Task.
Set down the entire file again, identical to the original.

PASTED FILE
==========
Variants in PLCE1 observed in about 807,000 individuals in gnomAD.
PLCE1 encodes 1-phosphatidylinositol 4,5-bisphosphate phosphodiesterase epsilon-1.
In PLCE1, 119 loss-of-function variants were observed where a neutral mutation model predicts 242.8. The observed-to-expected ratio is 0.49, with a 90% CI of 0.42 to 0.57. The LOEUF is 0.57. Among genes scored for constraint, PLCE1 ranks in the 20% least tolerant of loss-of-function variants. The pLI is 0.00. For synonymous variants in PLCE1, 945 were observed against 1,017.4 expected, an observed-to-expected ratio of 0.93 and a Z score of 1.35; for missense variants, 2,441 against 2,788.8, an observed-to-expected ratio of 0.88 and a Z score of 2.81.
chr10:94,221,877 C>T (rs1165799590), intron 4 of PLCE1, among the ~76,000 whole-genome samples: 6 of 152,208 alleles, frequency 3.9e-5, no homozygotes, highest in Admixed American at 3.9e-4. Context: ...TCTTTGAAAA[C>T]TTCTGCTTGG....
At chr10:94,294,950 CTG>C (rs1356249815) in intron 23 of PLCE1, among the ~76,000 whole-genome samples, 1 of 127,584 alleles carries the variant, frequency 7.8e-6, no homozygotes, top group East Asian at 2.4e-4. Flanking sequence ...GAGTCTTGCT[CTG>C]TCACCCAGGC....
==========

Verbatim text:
Variants in PLCE1 observed in about 807,000 individuals in gnomAD.
PLCE1 encodes 1-phosphatidylinositol 4,5-bisphosphate phosphodiesterase epsilon-1.
In PLCE1, 119 loss-of-function variants were observed where a neutral mutation model predicts 242.8. The observed-to-expected ratio is 0.49, with a 90% CI of 0.42 to 0.57. The LOEUF is 0.57. Among genes scored for constraint, PLCE1 ranks in the 20% least tolerant of loss-of-function variants. The pLI is 0.00. For synonymous variants in PLCE1, 945 were observed against 1,017.4 expected, an observed-to-expected ratio of 0.93 and a Z score of 1.35; for missense variants, 2,441 against 2,788.8, an observed-to-expected ratio of 0.88 and a Z score of 2.81.
chr10:94,221,877 C>T (rs1165799590), intron 4 of PLCE1, among the ~76,000 whole-genome samples: 6 of 152,208 alleles, frequency 3.9e-5, no homozygotes, highest in Admixed American at 3.9e-4. Context: ...TCTTTGAAAA[C>T]TTCTGCTTGG....
At chr10:94,294,950 CTG>C (rs1356249815) in intron 23 of PLCE1, among the ~76,000 whole-genome samples, 1 of 127,584 alleles carries the variant, frequency 7.8e-6, no homozygotes, top group East Asian at 2.4e-4. Flanking sequence ...GAGTCTTGCT[CTG>C]TCACCCAGGC....